Tunisian sex workers demand brothel reopening

Women petition deputy parliamentary speaker to reopen their brothel in Sousse so they do not have to beg for charity.

    A petition signed by 120 sex workers was handed to the assembly's deputy speaker in Tunis [EPA]
    A petition signed by 120 sex workers was handed to the assembly's deputy speaker in Tunis [EPA]

    A group of Tunisian sex workers have demanded to be allowed to return to work, 18 months after their brothel in the coastal town of Sousse was attacked by Salafists and closed down.

    A delegation in Tunis, the capital, on Tuesday handed deputy parliamentary speaker Meherzia Laabidi, a petition signed by 120 women calling for their brothel in the resort to be allowed to reopen.

    I listened to their demand and I will write a letter as an MP to the secretary of state for women and to the interior ministry, to see how we can preserve the dignity of these Tunisian citizens

    Meherzia Laabidi, Tunisian deputy parliamentary speaker

    "We know the state cannot help us financially, because the current economic situation is so bad," one of them, calling herself Souhir, told the AFP news agency by phone.

    "That's why we're calling for the brothel to be reopened, so we don't have to ask for charity."

    Souhir said that, in 2012, Salafists had attacked the building where she used to work and "looted everything they found there and put us out of work".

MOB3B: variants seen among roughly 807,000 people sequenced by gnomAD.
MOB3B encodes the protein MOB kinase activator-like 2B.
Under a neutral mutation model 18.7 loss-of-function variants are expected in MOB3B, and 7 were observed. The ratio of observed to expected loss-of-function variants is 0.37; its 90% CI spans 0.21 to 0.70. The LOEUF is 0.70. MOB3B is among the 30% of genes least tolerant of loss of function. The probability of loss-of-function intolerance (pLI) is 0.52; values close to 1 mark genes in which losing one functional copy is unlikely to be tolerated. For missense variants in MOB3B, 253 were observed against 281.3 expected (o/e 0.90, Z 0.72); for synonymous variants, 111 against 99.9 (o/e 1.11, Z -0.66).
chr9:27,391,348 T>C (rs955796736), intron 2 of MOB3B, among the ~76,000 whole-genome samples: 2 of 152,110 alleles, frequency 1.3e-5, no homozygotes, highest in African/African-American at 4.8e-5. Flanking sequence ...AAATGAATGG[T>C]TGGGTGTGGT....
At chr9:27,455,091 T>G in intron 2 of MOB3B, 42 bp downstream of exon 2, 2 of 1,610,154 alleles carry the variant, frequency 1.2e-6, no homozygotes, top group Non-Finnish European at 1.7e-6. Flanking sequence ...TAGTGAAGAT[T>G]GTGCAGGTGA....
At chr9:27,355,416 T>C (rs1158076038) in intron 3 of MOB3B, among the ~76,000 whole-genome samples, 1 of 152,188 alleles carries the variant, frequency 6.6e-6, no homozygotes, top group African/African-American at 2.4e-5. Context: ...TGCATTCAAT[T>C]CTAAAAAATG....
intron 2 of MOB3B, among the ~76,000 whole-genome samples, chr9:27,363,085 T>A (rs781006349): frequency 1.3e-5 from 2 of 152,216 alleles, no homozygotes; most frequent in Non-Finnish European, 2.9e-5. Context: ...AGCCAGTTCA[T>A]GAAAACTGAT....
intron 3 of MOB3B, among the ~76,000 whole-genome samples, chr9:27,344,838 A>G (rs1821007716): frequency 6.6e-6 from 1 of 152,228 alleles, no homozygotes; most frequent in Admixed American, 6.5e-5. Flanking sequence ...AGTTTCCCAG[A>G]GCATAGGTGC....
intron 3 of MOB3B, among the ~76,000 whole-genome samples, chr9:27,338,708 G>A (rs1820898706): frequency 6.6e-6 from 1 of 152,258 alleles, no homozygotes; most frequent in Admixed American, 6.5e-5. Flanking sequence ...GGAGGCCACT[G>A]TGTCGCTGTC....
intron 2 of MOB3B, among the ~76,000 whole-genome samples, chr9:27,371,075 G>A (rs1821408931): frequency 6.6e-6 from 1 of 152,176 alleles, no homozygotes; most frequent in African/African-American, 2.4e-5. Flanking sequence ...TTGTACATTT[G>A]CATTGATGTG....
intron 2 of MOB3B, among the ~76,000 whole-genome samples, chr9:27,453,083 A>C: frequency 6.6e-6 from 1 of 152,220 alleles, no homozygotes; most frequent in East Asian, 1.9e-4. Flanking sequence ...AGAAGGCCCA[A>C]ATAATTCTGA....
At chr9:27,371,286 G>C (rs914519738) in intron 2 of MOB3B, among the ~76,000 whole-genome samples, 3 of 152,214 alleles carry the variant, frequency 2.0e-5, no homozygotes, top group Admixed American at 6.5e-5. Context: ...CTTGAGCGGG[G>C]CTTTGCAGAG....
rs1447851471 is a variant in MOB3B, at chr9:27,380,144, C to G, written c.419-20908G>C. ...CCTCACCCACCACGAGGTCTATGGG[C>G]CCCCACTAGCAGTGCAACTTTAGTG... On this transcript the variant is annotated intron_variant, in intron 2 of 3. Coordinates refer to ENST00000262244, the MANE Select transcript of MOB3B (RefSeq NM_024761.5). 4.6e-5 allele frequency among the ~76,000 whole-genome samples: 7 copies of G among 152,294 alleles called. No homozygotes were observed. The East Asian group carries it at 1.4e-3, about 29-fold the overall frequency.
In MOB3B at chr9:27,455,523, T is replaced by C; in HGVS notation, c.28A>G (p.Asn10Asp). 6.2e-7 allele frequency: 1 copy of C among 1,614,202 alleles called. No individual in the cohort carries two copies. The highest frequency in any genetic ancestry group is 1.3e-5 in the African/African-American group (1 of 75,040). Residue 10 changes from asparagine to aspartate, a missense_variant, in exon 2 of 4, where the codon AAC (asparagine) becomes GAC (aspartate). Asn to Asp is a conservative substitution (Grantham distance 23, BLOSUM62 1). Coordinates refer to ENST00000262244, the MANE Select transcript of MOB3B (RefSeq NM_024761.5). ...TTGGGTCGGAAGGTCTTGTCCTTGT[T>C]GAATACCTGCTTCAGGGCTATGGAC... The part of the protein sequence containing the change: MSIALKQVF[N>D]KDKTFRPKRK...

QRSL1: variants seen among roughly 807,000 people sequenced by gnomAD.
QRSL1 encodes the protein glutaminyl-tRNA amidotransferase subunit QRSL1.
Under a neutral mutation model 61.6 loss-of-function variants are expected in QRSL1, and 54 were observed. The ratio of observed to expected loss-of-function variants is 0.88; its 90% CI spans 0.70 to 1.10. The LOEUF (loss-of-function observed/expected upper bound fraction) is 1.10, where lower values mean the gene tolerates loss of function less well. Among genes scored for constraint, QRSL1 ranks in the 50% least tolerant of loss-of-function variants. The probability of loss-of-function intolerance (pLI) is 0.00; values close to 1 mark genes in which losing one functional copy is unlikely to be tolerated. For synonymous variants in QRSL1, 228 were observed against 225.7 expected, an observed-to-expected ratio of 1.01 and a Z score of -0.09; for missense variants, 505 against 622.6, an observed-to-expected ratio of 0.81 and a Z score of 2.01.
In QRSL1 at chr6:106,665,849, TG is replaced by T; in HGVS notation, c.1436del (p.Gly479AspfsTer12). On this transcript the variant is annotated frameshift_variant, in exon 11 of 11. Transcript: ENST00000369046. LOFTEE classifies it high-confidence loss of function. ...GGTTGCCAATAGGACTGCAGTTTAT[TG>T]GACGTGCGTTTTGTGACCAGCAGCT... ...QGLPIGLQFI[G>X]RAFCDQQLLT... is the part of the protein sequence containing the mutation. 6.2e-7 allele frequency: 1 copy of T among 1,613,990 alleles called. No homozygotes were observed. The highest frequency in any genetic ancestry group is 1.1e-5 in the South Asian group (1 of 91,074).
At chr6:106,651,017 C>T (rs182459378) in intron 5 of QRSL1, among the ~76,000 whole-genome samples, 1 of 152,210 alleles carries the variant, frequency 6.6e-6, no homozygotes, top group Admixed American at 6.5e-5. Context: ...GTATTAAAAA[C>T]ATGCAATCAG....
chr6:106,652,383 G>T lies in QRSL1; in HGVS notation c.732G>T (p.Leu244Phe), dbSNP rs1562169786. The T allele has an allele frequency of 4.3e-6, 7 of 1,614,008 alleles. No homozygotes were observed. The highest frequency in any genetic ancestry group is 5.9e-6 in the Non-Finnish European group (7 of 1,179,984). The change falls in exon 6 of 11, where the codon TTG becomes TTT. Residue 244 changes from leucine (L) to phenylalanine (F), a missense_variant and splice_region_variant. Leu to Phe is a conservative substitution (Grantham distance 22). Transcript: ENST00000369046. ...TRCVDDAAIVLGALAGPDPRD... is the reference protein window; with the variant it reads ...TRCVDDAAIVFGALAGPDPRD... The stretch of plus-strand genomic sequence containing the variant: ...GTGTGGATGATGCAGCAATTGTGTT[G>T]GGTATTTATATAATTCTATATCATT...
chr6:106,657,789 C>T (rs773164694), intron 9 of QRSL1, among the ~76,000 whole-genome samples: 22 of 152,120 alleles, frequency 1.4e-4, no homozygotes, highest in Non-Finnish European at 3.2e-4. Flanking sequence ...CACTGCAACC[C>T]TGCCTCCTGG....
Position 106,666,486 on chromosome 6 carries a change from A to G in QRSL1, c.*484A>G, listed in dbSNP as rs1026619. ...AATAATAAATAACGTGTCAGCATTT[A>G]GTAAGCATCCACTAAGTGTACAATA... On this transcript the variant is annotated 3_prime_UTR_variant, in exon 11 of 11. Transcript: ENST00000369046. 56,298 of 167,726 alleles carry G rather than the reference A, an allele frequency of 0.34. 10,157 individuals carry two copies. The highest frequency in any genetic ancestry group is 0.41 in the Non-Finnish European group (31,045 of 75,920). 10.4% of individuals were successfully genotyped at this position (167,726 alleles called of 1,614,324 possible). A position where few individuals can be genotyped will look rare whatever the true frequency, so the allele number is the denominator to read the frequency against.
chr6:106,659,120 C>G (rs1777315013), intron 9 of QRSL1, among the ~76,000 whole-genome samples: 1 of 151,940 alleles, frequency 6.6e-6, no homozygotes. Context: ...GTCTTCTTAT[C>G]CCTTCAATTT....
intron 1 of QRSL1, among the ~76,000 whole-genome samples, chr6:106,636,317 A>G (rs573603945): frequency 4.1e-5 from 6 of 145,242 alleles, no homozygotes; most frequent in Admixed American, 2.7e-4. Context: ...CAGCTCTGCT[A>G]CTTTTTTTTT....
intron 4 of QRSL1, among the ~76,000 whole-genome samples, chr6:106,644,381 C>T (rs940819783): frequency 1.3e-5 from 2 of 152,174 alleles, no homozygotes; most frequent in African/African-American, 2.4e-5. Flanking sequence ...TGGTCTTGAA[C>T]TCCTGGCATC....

There are numerous brothels in Tunisia, where prostitution is regulated by the state, the AFP news agency reported.

    After the uprising in January 2011, some protesters demanded their closure, setting fire to buildings in the capital's red light district.

    Laabidi, from the Islamist Ennahda party, confirmed to Mosaique FM radio that she had met the women and agreed to forward their request to the relevant government departments.

    "I listened to their demand and I will write a letter as an MP to the secretary of state for women and to the interior ministry, to see how we can preserve the dignity of these Tunisian citizens," she said.

    A short video on the radio station's website shows her talking to three women whose faces are blurred.

    "It's not an ordinary employment problem," she told them, adding that "honestly, for me, brothels are a part of the problem".

    The sex workers insisted their neighbours had no objection to their presence.

    SOURCE: Agencies


    YOU MIGHT ALSO LIKE

    Survivor stories from Super Typhoon Haiyan

    Survivor stories from Super Typhoon Haiyan

    The Philippines’ Typhoon Haiyan was the strongest storm ever to make landfall. Five years on, we revisit this story.

    How Moscow lost Riyadh in 1938

    How Moscow lost Riyadh in 1938

    Russian-Saudi relations could be very different today, if Stalin hadn't killed the Soviet ambassador to Saudi Arabia.

    We Are Still Here: A Story from Native Alaska

    We Are Still Here: A Story from Native Alaska

    From Qatar to Alaska, a personal journey exploring what it means to belong when your culture is endangered.